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  • adrianlatimer61

Syrah in Excelsis

Christmas, or whatever the festive end of year season is allowed to be called these days. An excuse to dig out some nice bottles, though not when there are too many thirsty family members around, well, not at today’s wine prices at any rate.

When I look at the cellar, there’s an embarrassing amount of Burgundy, an increasing love affair with all that is Italian, a rapidly diminishing and not replenished stock of Bordeaux and a rather meagre selection of Rhones. I suppose our family holidays have an Italian bias (plus a daughter studying the language, a marvellous excuse for travel there) and the nearest wine region to me here is the Cote d’Or (and Chablis or Sancerre, but for me that’s more white and here I am talking rouge). Hence the Rhone tends to be a flashing glimpse through the windscreen of the vineyard billboards on the slope of Hermitage as we drive down the A6 autoroute to the south to see friends and then (often) pop over the Italian border at Nice. And by that stage we’ve probably already pulled off the A6 at Beaune…

I am therefore embarrassed to admit that I haven’t tasted wine actually in the Rhone Valley for it must be over 20 years. My knowledge is consequently patchy and my cellar stock way too low. And it’s too easy to think of the Rhone as ‘southern’ and to conflate it with the higher alcohol levels of Chateauneuf (these days 16% is not rare) and the big, often rather cooked wines of the Mediterranean. All of which is, of course, a stupid mistake.

This weekend I thought we’d make minor amends, and taste two of my favourite winemakers in France, or anywhere for that matter. No, not on the famed left bank (eastern) slope of the Rhone that faces south/west at Hermitage, but on the opposite bank. Wines where finesse can be found with a capital F amidst the vertiginous, terraced vineyards where crampons or skis would seem more appropriate than shoes.

Years ago, at our favourite Parisian restaurant (Vin sur Vin, now alas gone), the owner-sommelier Patrice suggested I order a bottle of a ‘Cornas Cuvee C’. The name was uninspiring, Cornas was thought of as dark, tannic and rustic, and when it arrived, the label looked as unexciting as I expected the wine to be. Nor had I ever heard of Marcel Juge. But it was the only restaurant where I’d happily leave the wine choice to the sommelier, as he knew my taste buds (& wallet) and never failed, so I went along with his recommendation.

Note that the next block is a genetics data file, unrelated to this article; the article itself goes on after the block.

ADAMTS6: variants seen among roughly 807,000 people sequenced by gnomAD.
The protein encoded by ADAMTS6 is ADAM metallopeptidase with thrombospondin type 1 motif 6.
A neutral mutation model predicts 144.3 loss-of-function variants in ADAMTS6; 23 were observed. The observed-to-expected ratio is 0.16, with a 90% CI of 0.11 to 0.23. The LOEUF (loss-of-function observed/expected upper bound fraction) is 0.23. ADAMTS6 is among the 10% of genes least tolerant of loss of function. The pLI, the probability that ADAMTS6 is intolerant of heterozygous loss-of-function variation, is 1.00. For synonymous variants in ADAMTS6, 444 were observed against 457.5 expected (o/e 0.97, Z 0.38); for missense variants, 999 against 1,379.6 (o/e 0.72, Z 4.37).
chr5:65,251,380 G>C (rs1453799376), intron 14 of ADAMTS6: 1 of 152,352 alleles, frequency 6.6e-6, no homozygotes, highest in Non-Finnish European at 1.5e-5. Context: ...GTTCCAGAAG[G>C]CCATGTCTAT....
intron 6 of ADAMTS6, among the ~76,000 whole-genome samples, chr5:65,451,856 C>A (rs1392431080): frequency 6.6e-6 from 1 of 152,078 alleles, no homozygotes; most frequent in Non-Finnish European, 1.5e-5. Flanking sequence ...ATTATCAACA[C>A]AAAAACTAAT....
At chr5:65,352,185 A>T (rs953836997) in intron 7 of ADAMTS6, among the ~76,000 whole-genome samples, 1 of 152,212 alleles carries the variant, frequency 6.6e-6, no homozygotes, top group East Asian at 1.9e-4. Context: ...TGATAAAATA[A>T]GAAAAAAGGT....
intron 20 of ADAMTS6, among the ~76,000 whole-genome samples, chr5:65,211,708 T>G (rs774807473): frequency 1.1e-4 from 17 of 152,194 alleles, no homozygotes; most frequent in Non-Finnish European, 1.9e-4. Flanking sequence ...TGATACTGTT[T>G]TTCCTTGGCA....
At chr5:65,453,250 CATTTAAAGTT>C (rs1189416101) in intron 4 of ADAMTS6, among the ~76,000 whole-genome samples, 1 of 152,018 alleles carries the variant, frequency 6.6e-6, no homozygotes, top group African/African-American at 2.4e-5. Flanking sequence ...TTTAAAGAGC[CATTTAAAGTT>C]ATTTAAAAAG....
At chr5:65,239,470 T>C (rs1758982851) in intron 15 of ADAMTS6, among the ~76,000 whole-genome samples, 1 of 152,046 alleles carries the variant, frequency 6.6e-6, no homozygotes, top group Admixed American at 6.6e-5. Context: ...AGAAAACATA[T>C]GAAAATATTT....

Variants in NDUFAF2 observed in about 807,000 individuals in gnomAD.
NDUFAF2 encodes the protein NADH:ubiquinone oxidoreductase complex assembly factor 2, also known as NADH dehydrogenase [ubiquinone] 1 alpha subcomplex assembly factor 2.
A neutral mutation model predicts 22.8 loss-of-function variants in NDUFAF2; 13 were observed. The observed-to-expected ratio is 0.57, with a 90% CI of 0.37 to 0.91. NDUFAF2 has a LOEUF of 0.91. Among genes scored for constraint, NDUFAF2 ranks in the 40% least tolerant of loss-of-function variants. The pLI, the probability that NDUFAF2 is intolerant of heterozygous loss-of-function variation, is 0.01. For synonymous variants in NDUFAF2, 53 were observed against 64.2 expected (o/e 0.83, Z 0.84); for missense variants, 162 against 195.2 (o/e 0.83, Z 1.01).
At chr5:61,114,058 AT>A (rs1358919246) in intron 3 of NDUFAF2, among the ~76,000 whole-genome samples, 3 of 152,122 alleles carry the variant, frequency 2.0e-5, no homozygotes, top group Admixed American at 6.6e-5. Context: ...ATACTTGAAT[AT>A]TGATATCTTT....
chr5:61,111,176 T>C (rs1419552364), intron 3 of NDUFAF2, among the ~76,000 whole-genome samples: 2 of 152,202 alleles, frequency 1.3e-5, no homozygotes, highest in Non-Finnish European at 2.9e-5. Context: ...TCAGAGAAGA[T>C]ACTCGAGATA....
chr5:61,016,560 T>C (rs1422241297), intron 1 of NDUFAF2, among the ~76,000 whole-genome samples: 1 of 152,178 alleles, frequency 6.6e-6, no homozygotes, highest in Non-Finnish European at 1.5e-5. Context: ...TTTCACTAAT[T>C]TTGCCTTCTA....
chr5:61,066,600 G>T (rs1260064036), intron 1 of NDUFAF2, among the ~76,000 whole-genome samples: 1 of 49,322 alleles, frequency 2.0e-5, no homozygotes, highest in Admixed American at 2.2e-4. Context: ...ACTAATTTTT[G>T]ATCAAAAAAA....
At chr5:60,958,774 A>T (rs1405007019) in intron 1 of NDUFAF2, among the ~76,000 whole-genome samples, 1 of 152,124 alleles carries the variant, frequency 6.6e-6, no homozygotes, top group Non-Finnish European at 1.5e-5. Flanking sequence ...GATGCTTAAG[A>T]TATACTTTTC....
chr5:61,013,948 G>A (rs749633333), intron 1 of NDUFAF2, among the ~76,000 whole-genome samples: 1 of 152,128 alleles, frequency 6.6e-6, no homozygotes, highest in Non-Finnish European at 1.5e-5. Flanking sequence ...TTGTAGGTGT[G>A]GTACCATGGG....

The wine was a revelation. Syrah yes, but syrah as if made with pinot noir, wine with a perfume and elegance that hailed more from the soft, undulating limestone curves of Burgundy than the hard, vertical granite of Cornas. And about as rustic as Mozart. (The wines used to be enjoyed by the emperor Charlemagne, usually better known for his affection for the hill of Corton in Burgundy, where his wife reputedly told him to grow white wine as the red stained his beard, hence the famed grand cru chardonnay of Corton-Charlemagne). Sadly, Marcel Juge has retired, and since passed away, but I tried to empty the rest of the restaurant stock whenever I was there. When it had run out, he produced another Cornas, this time from Thierry Allemand, and another dangerous obsession was born.

Mark Williamson, of Willi’s Wine Bar and Maceo restaurant in the Paris opera region, sold Allemand Cornas for a remarkably low price and would almost wince when I appeared as he knew I was on a lifetime mission to deplete his cellar of it too. (In France there are still restaurants, mainly in wine regions, where you can find cult wines at a fraction of their current stratospheric retail prices). Alas, the low intervention, low sulphur wines of the great man have now become way too well known and the 2019 that cost me 50 euros retail a decade ago is now four or five times that, another wine off my target list. With his five hectares of south-east/south facing vineyards in the steep clefts of the hills, he has in the last few decades elevated Cornas to cult status. Many would argue that his are the best wines of the northern Rhone, Cote-Rotie and Hermitage included. And yet he comes from a family with no winemaking tradition, and painstakingly bought tiny vineyard parcels whilst he worked for the Michel family and the other great mentor of Cornas, Noel Verset. His now legendary Chaillot and Reynard bottlings only appeared in the early 1990s after the negociants refused to buy his 1991 wine for about 5 euros a litre back then!